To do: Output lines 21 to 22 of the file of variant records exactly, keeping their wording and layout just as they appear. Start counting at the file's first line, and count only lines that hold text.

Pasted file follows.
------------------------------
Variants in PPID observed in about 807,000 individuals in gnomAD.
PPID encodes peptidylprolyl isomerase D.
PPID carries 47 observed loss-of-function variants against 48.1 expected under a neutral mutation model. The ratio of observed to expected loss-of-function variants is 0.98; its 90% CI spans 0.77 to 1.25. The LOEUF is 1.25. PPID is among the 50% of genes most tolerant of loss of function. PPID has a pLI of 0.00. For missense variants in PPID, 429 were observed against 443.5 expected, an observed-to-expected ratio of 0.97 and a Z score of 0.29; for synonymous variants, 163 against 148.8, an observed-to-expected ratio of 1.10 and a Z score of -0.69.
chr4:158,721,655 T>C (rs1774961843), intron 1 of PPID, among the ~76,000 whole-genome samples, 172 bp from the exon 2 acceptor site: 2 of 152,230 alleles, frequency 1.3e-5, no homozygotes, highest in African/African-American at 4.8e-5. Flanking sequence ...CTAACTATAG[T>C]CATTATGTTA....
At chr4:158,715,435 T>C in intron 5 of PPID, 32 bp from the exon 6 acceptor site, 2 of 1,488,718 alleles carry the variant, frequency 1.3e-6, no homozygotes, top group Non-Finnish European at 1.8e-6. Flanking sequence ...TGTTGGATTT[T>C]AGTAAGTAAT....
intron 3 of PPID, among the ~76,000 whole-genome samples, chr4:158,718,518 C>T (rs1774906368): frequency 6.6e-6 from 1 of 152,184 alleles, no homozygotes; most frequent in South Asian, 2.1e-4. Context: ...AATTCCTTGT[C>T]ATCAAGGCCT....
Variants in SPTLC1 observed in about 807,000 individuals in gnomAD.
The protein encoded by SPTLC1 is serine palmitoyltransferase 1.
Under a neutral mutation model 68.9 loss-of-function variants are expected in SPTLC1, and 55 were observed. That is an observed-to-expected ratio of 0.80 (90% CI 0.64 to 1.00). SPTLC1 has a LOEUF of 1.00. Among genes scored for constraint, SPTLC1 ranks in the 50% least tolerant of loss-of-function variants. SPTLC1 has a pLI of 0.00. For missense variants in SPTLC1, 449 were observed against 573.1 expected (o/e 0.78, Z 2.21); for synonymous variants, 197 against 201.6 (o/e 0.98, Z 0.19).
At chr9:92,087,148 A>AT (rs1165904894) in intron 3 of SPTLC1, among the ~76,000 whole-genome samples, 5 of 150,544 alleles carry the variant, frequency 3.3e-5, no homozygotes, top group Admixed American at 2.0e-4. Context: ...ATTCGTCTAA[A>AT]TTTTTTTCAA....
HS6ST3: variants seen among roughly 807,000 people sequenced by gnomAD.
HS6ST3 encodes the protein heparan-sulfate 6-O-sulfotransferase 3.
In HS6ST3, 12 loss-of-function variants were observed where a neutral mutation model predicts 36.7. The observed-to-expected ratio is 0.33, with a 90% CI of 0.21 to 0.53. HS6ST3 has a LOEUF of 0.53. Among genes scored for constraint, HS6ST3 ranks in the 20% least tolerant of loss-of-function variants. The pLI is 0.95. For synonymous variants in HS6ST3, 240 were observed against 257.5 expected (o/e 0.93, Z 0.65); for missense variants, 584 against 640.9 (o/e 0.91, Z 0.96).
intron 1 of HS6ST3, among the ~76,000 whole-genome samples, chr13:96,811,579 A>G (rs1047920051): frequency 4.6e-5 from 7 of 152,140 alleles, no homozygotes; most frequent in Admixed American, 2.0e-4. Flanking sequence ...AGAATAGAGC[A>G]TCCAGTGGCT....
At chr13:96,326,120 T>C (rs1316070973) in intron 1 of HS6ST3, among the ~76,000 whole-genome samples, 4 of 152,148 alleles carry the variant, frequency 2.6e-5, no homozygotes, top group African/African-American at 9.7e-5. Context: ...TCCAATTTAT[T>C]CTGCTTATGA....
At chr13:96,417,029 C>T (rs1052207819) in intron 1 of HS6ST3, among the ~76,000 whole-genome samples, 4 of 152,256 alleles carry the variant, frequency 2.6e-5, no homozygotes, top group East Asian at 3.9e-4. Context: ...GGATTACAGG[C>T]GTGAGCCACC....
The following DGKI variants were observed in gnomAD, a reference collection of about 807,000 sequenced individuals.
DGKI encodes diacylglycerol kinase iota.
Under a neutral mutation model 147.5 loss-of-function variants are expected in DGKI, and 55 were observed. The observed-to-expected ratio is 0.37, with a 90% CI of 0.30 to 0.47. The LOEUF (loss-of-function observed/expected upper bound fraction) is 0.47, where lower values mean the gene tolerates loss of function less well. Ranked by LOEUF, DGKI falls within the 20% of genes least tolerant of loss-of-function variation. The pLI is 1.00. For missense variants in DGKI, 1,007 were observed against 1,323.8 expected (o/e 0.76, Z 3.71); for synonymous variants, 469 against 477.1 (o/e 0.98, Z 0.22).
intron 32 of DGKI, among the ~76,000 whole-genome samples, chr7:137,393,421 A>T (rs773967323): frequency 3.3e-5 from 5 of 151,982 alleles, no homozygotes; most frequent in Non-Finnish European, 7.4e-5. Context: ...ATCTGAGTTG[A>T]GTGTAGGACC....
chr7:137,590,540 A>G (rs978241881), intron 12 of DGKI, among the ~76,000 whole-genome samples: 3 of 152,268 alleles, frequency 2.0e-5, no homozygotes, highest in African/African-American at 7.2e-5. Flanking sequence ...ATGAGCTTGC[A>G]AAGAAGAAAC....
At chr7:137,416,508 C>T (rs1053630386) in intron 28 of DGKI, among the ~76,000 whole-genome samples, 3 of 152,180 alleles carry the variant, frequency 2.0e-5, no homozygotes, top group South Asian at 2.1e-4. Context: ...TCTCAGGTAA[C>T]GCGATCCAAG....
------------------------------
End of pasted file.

chr7:137,590,540 A>G (rs978241881), intron 12 of DGKI, among the ~76,000 whole-genome samples: 3 of 152,268 alleles, frequency 2.0e-5, no homozygotes, highest in African/African-American at 7.2e-5. Flanking sequence ...ATGAGCTTGC[A>G]AAGAAGAAAC....
At chr7:137,416,508 C>T (rs1053630386) in intron 28 of DGKI, among the ~76,000 whole-genome samples, 3 of 152,180 alleles carry the variant, frequency 2.0e-5, no homozygotes, top group South Asian at 2.1e-4. Context: ...TCTCAGGTAA[C>T]GCGATCCAAG....